Book Review: What Alice Forgot by Liane Moriarty

“Each memory, good and bad, was another invisible thread that bound them together...It was as simple and complicated as that. Love after children, after you've hurt each other and forgiven each other, bored each other and surprised each other, after you've seen the worst and the best...-well, that sort of love is ineffable. It deserves its own word.”

― Liane Moriarty, What Alice Forgot

In 2009, Australian novelist Liane Moriarty published the book What Alice Forgot. It depicts the tale of a 39-year-old mother of three who loses her recollection of the previous ten years of her life. This is Moriarty's third novel.

Synopsis from Goodreads...

Alice Love is twenty-nine, crazy about her husband, and pregnant with her first child.

So imagine Alice’s surprise when she comes to on the floor of a gym and is whisked off to the hospital where she discovers the honeymoon is truly over — she’s getting divorced, she has three kids and she’s actually 39 years old. Alice must reconstruct the events of a lost decade, and find out whether it’s possible to reconstruct her life at the same time. She has to figure out why her sister hardly talks to her, and how is it that she’s become one of those super skinny moms with really expensive clothes.

Ultimately, Alice must discover whether forgetting is a blessing or a curse, and whether it’s possible to start over.

My reaction to this novel...

The book's cover has greatly piqued my interest in reading it. Since I am one of those readers who is drawn in by book covers, the majority of the books I have read have beautiful covers that entice people to pick them up and read them. Although I am not all that familiar with the author, I have seen a lot of her books in shops and am aware of how amazing they are, so I had high expectations for this book.

I don't know whether I'm the only one, but it seems that the majority of Alice-centric books deal with memories in some way. I'm not sure whether it's simply a coincidence, but I've read other books with memory issues under the name Alice, and this one seems pretty intriguing. Well, I read the book right away because I was so interested in finding out what happened to Alice in it.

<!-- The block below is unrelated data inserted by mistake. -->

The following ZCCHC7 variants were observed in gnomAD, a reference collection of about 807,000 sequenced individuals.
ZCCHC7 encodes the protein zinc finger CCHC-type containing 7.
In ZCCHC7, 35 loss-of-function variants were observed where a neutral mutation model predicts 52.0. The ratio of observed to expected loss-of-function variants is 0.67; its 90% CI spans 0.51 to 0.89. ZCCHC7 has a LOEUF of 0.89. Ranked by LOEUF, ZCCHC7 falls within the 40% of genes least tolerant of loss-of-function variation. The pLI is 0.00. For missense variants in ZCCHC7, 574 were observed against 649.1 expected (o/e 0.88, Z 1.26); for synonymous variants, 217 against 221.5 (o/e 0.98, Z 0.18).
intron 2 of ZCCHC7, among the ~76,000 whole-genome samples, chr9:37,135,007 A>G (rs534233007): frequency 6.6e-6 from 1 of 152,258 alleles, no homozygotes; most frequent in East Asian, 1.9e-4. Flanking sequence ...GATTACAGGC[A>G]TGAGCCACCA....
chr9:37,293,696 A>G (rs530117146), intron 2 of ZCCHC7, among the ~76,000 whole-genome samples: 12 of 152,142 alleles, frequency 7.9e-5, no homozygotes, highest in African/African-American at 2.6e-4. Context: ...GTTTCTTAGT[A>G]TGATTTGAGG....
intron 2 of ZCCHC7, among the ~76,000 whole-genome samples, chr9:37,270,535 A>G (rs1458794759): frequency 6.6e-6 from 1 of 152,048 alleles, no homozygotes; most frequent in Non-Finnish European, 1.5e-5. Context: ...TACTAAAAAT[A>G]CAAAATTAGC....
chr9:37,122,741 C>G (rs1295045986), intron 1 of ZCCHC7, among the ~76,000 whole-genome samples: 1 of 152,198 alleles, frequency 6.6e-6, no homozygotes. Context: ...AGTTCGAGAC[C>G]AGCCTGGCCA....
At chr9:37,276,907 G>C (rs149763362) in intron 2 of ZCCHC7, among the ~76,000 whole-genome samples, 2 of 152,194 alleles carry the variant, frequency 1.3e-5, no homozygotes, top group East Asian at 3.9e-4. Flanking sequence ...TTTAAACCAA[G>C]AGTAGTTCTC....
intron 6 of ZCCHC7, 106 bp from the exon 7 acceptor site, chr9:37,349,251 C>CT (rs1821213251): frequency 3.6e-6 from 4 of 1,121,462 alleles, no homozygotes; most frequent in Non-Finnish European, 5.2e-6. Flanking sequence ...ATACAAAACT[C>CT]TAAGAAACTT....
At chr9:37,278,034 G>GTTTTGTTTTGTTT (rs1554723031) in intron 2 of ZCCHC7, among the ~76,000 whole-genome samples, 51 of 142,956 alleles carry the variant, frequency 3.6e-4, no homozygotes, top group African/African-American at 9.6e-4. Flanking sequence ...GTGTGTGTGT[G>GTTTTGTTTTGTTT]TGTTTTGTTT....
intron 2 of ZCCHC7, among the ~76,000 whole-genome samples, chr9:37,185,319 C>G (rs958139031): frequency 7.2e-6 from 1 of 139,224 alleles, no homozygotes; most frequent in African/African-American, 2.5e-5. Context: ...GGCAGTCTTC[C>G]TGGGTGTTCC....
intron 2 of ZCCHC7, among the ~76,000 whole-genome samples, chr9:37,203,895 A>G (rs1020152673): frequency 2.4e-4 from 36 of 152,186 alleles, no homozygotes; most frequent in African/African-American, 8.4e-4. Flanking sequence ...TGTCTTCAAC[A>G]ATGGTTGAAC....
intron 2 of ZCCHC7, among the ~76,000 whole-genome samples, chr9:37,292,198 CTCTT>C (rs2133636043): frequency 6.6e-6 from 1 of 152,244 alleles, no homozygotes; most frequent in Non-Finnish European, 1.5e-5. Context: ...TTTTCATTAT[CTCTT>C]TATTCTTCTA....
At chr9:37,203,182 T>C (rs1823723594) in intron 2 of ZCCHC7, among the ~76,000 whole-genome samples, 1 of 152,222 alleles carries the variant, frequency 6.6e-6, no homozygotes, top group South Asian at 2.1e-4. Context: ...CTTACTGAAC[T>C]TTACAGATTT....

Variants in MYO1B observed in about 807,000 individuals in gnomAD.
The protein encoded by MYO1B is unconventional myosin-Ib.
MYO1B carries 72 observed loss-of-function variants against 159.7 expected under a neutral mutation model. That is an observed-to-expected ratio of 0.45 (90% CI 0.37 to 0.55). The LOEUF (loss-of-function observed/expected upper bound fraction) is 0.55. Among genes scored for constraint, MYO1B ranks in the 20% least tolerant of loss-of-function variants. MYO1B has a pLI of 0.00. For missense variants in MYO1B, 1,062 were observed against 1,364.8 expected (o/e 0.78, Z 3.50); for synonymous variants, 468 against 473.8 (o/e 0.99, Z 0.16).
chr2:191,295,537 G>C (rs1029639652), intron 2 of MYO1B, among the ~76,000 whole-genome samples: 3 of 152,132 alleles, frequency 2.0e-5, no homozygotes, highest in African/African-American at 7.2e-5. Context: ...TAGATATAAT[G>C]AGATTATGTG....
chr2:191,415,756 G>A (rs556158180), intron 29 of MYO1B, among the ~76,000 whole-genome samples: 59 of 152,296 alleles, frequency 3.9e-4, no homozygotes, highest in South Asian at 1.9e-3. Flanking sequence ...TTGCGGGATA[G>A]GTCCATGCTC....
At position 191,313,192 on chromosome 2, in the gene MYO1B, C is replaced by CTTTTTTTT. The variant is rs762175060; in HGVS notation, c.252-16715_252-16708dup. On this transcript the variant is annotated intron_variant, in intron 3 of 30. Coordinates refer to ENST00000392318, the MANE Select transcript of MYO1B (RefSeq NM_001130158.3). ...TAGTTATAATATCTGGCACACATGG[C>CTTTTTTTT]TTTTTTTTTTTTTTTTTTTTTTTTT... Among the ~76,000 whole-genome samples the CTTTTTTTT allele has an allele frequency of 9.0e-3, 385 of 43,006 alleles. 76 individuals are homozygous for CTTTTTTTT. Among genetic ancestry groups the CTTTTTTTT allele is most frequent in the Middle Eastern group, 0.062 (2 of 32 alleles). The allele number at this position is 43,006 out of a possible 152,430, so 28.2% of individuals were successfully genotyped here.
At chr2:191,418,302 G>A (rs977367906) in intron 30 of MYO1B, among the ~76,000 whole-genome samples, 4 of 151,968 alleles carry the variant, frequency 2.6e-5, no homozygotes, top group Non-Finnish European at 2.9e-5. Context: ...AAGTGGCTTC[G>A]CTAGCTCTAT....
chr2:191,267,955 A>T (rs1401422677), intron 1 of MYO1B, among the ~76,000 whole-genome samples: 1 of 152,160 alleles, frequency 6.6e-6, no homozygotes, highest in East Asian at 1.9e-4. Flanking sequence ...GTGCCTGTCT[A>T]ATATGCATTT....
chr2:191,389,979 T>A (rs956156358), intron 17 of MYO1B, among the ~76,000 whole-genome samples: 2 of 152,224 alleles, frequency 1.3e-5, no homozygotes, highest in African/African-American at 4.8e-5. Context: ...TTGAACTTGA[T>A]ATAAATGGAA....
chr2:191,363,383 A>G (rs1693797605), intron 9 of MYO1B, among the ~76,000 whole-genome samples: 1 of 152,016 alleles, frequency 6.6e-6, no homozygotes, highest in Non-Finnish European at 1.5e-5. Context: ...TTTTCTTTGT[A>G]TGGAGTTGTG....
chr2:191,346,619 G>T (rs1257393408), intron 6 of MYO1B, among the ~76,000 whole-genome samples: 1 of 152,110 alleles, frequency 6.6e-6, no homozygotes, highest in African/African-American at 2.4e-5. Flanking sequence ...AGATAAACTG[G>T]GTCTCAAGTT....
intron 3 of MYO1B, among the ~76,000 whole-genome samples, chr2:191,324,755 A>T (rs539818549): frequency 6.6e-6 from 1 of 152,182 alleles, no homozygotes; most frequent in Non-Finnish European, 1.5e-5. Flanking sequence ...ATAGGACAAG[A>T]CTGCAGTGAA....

The first few pages are easy to read and pleasant. It will pique readers' curiosity since you'll consider what actually occurred to the protagonist and how her brain suffered damage after falling to the gym, which is why she had the condition she is currently experiencing, memory loss. In some ways, I find it suspicious since it occurs in such an unbelievable manner. But, because that's what the author prefers, I'll dive right in.

The story's presentation of each chapter's opposing viewpoint caught my attention. You could be wondering who they are and what their roles are in Alice's memory loss, so it was a little confusing. They occasionally make the chapter terrible and uninteresting, so for me, it was a little odd. Perhaps it would be better if the author divided the other characters' points of view into distinct chapters so that the reader wouldn't become confused about who and what they were saying. Apart from that, I find the tale to be really sluggish. There are times when you'll really want to know what happened before the gym fall event, but the author will leave you feeling ravenous without providing a sustaining follow-up that will rescue the entire plot.

Every time Alice asks a character why she and Nick filed for divorce and they refuse to answer, I imagine that the reason they reveal will either shock me or at least make sense as to why they are withholding it from her. As a result, I became patient because I was curious to learn the reasons, but sadly, I found the justifications to be incredibly superficial, which made me feel betrayed. Is that all there is, I found myself wondering. Is that the sole explanation? I don't think the reasoning behind it is appropriate, hence the author has to come up with a stronger argument. I find the narrative to be ludicrous. I became quite annoyed because I was hoping there would be a decent explanation for it because the story frequently dragged on, not only because of the sluggish pace but also because the author used the name of The Almighty too frequently and did so in an impolite manner. It irritates me so much that frequently she used it for cussing that I'm really skipping the phrases containing it. The author should be aware of this.

However, despite the fact that this book has a lot of elements that I don't like, it also has one aspect and one character that I enjoy, and that is Elizabeth, Alice's sister. I could feel her agony and her deep desire every time I read her part. I truly root for her, am continually thinking about her predicament, and anticipate that she will play a significant role in the resolution of the narrative. I can truly relate to her character and how dejected she has gotten as a result of her circumstances.

Because this narrative genuinely let me down, I sincerely hope that Moriarty's subsequent works will differ from this one in more significant ways. I'm hoping that her subsequent books will have a stronger plot, be less tedious, and include less profanity. This book is not very recommending to me, and it won't be on my list of favorites. I didn't enjoy this book, but I'll try reading some of her other works in the future.

My Overall Rating: 


Where to buy this book...


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